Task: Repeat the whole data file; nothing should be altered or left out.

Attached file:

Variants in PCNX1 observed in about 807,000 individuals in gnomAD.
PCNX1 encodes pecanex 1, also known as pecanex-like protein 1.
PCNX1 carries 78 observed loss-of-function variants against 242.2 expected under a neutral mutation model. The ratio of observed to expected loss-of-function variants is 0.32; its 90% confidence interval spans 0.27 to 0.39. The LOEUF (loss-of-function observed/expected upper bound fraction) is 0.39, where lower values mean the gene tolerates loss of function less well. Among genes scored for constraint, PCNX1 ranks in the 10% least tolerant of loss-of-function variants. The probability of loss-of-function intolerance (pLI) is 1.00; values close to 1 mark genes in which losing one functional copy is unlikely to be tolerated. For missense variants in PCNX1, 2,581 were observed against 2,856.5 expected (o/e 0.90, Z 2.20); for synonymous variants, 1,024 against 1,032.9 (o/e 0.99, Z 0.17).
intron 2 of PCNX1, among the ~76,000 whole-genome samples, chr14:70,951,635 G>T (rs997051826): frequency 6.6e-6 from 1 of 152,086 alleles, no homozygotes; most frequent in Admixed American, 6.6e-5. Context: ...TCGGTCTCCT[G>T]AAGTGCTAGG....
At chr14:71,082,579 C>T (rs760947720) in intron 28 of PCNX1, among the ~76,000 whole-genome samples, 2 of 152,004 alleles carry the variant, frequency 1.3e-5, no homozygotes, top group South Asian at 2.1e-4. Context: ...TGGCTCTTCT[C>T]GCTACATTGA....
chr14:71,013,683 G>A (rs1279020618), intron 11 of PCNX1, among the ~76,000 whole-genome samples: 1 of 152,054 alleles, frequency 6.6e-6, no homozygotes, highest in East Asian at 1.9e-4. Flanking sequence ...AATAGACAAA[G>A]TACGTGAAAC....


Variants in PCNX1 observed in about 807,000 individuals in gnomAD.
PCNX1 encodes pecanex 1, also known as pecanex-like protein 1.
PCNX1 carries 78 observed loss-of-function variants against 242.2 expected under a neutral mutation model. The ratio of observed to expected loss-of-function variants is 0.32; its 90% confidence interval spans 0.27 to 0.39. The LOEUF (loss-of-function observed/expected upper bound fraction) is 0.39, where lower values mean the gene tolerates loss of function less well. Among genes scored for constraint, PCNX1 ranks in the 10% least tolerant of loss-of-function variants. The probability of loss-of-function intolerance (pLI) is 1.00; values close to 1 mark genes in which losing one functional copy is unlikely to be tolerated. For missense variants in PCNX1, 2,581 were observed against 2,856.5 expected (o/e 0.90, Z 2.20); for synonymous variants, 1,024 against 1,032.9 (o/e 0.99, Z 0.17).
intron 2 of PCNX1, among the ~76,000 whole-genome samples, chr14:70,951,635 G>T (rs997051826): frequency 6.6e-6 from 1 of 152,086 alleles, no homozygotes; most frequent in Admixed American, 6.6e-5. Context: ...TCGGTCTCCT[G>T]AAGTGCTAGG....
At chr14:71,082,579 C>T (rs760947720) in intron 28 of PCNX1, among the ~76,000 whole-genome samples, 2 of 152,004 alleles carry the variant, frequency 1.3e-5, no homozygotes, top group South Asian at 2.1e-4. Context: ...TGGCTCTTCT[C>T]GCTACATTGA....
chr14:71,013,683 G>A (rs1279020618), intron 11 of PCNX1, among the ~76,000 whole-genome samples: 1 of 152,054 alleles, frequency 6.6e-6, no homozygotes, highest in East Asian at 1.9e-4. Flanking sequence ...AATAGACAAA[G>A]TACGTGAAAC....